'Eliminate barriers in investment keep it simple!'
— Ganesh Raj, Senior Vice President & Managing
Director, DP World - Subcontinent Region
India has come a long way in container trade but much
still needs to be done for it to earn a respectable place on the world map.
Ganesh Raj talks to Venugopal Pillai about the bottlenecks that India
is facing and the road ahead, and DP World's plans to exploit the huge
In 2006-07, India handled around 6 million TEUs of
container traffic through over 15 terminals. This compares very poorly with
global standards where a single port like Antwerp (ranking No.12 in 2005)
handles comparable traffic. What do you perceive as the biggest constraints in
Indian container terminals?
One of India's biggest challenges is reducing bureaucracy to facilitate trade
and investment. India has come a long way, but there is still work to do to
break down barriers to trade and investment and expedite the process.
By 2012, what do you think will be India's total container handling capacity? Of
this, what would be DP World's share?
By similar growth in containerised traffic the container handling capacity
should be at least 30 per cent ahead of projected traffic. Assuming that traffic
potential in 2012 is 18-19 million TEUs, handling capacity should be around
23-24 million TEUs by conservative estimates. We will continue to participate in
this important market.
India has seen some important addition to container handling capacity in
recent years. Greenfield and brownfield projects are also under way. Are you
satisfied with the pace of capacity addition?
India has a population of around 1.1 billion people and around 7 million TEUs
were moved last year. China has a population of 1.3 billion and moved more than
100m TEUs! India has tremendous potential, one cannot be satisfied with this
Suggest three measures the government could take to improve private sector
participation in constructing new container terminal capacities.
I would say: Eliminate Barriers in investment in this sector by keeping it
simple; encourage free market pricing by focus on creating capacity and
minimising regulation; and ensure fast-track project implementation - conception
Speaking about DP World, what has been the growth of container traffic during
During 2007-08 (April to March), DP World handled a total of 3.665 million TEUs
through its five terminals that was nearly 20 per cent higher than 3.065 million
TEUs handled in the previous year.
The Vallarpadam ICTT of DP World Kochi is amongst the biggest marine
infrastructure projects currently under way in India. What is the current status
of the project?
The ICTT is being developed in three phases. Civil works for commissioning
phase-1A in November 2009 is in progress at the Vallarpadam Special Economic
Zone in Kerala. The current phase will see the development of 600m of quay
length, 3,500 ground slots, 450 reefer plugs, rail handling facility, national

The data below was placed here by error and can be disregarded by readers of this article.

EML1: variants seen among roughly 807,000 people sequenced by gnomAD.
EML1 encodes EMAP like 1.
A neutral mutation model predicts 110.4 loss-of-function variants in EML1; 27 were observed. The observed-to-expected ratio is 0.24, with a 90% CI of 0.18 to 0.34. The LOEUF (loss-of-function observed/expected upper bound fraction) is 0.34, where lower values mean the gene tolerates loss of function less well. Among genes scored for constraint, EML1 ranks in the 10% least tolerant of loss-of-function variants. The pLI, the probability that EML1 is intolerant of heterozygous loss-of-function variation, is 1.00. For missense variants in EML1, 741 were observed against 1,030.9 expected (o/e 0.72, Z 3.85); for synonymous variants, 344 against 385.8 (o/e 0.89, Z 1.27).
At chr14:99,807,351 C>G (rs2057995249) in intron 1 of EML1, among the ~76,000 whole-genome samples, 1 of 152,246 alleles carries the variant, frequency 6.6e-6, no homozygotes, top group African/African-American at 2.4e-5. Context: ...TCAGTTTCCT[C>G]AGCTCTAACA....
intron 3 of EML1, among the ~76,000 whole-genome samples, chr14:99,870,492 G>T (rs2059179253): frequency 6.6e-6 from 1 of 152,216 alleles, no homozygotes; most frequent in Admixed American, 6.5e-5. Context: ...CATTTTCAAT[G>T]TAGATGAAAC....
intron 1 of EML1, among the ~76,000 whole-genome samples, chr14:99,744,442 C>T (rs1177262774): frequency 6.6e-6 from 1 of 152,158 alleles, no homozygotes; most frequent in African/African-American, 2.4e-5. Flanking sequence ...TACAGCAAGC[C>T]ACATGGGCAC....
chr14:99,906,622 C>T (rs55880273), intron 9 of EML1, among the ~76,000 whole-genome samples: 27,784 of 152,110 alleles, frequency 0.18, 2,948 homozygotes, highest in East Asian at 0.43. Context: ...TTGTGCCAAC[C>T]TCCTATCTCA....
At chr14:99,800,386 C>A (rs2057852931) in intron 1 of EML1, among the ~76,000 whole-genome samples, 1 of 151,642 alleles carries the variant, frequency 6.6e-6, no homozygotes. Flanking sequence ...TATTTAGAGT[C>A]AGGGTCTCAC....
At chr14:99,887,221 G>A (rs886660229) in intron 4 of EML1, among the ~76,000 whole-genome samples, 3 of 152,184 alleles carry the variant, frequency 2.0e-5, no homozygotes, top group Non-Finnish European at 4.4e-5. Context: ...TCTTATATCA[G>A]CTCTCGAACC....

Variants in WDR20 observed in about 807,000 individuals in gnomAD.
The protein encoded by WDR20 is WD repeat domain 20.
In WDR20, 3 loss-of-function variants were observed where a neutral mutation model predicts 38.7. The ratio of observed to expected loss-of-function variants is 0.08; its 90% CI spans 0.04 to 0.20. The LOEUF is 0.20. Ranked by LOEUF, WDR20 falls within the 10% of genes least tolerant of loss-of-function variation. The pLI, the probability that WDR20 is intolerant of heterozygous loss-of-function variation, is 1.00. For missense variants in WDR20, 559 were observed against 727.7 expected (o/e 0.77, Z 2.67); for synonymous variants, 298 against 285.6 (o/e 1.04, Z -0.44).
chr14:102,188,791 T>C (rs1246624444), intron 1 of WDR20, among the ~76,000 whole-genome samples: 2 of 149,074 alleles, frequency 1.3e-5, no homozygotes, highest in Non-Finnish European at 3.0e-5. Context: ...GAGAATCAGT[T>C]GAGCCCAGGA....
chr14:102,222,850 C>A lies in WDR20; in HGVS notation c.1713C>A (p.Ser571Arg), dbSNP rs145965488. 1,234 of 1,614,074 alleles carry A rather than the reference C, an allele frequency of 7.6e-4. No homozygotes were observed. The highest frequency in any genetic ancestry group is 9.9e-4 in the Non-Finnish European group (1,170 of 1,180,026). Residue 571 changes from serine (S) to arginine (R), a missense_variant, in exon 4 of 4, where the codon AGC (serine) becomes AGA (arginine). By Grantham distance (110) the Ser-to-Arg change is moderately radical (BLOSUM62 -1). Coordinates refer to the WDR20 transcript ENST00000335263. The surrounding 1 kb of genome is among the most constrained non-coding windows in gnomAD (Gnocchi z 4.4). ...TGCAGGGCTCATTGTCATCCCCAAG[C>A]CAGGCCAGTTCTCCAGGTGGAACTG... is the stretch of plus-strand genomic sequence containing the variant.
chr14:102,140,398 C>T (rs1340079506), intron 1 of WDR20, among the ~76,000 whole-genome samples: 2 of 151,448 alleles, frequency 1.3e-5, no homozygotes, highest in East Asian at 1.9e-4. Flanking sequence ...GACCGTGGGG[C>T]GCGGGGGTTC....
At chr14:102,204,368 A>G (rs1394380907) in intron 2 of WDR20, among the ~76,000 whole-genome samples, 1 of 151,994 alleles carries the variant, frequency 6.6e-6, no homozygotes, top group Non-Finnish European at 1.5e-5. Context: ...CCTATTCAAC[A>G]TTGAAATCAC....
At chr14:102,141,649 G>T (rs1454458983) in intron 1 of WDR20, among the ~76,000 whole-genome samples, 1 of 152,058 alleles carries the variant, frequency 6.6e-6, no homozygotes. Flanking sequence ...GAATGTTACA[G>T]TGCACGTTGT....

highway connectivity and a draft of 14.5 metres alongside. The progress of the
works is quite satisfactory. The rail and road connectivity works are also
progressing satisfactorily as of now. The design capacity of phase-1A is 1
million TEUs. In its final phase, the design capacity will be enhanced to 3
The greenfield Kulpi port project in West Bengal, which has been in proposal
stage for several years, is now seen moving. What is the current status of this
Discussions are on for finalisation of the agreement with Kolkata Port Trust.
Kulpi will primarily be a feeder port for containerised and general cargo. The
strategy is to secure direct call intra-Asia vessels with significantly reduced
transit time and a modern, well-equipped, cost-effective option for the region.
Kulpi port will have 8.5m draft alongside with broad tidal windows and will
ultimately have 900m quay line and 34 hectares of paved yard and a capacity of
1.35 million TEUs. The port will be connected to the national highway network of
the country through a new four-lane expressway and a new bridge across the
river, both of which are being developed by the state government.
Over the next five-seven years which new locations in India would DP World be
looking at for greenfield projects or inorganic growth?
We are committed to investing in India. We continue to explore opportunities and
can talk about our plans once they are confirmed.
By 2012, how much capital expenditure is DP World likely to incur in expanding
capacity at its terminals in India? By then, what would be DP World's total
container handling capacity in this country?
India needs enormous infrastructure developments to support its growth. In line
with our operating philosophy of always enabling capacity ahead of demand, we
will continue to seek workable options for expansions. We will work with our
stake holders in enabling these at the earliest.
Besides containerised cargo - its forte, is DP World exploring possibilities of
setting up general cargo facilities in India?
We always look beyond the terminal gate to provide customers with value adding
services - rail connections, business parks, etc. Our growth initiatives are
directly driven by our customers' needs.
[May 19-25, 2008]